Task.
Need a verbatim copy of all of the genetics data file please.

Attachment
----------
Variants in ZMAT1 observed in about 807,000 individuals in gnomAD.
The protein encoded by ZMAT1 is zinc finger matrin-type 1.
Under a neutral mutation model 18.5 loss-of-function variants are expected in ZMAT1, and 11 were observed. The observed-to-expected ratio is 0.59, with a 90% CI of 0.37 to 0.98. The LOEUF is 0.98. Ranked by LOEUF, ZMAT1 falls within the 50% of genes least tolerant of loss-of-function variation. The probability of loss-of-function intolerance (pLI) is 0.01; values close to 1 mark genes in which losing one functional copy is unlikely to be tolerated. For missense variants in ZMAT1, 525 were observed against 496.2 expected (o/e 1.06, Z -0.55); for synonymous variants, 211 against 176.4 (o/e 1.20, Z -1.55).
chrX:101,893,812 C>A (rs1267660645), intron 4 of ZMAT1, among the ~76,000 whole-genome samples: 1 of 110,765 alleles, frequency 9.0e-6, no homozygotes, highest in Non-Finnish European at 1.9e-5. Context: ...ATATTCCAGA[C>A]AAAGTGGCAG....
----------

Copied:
Variants in ZMAT1 observed in about 807,000 individuals in gnomAD.
The protein encoded by ZMAT1 is zinc finger matrin-type 1.
Under a neutral mutation model 18.5 loss-of-function variants are expected in ZMAT1, and 11 were observed. The observed-to-expected ratio is 0.59, with a 90% CI of 0.37 to 0.98. The LOEUF is 0.98. Ranked by LOEUF, ZMAT1 falls within the 50% of genes least tolerant of loss-of-function variation. The probability of loss-of-function intolerance (pLI) is 0.01; values close to 1 mark genes in which losing one functional copy is unlikely to be tolerated. For missense variants in ZMAT1, 525 were observed against 496.2 expected (o/e 1.06, Z -0.55); for synonymous variants, 211 against 176.4 (o/e 1.20, Z -1.55).
chrX:101,893,812 C>A (rs1267660645), intron 4 of ZMAT1, among the ~76,000 whole-genome samples: 1 of 110,765 alleles, frequency 9.0e-6, no homozygotes, highest in Non-Finnish European at 1.9e-5. Context: ...ATATTCCAGA[C>A]AAAGTGGCAG....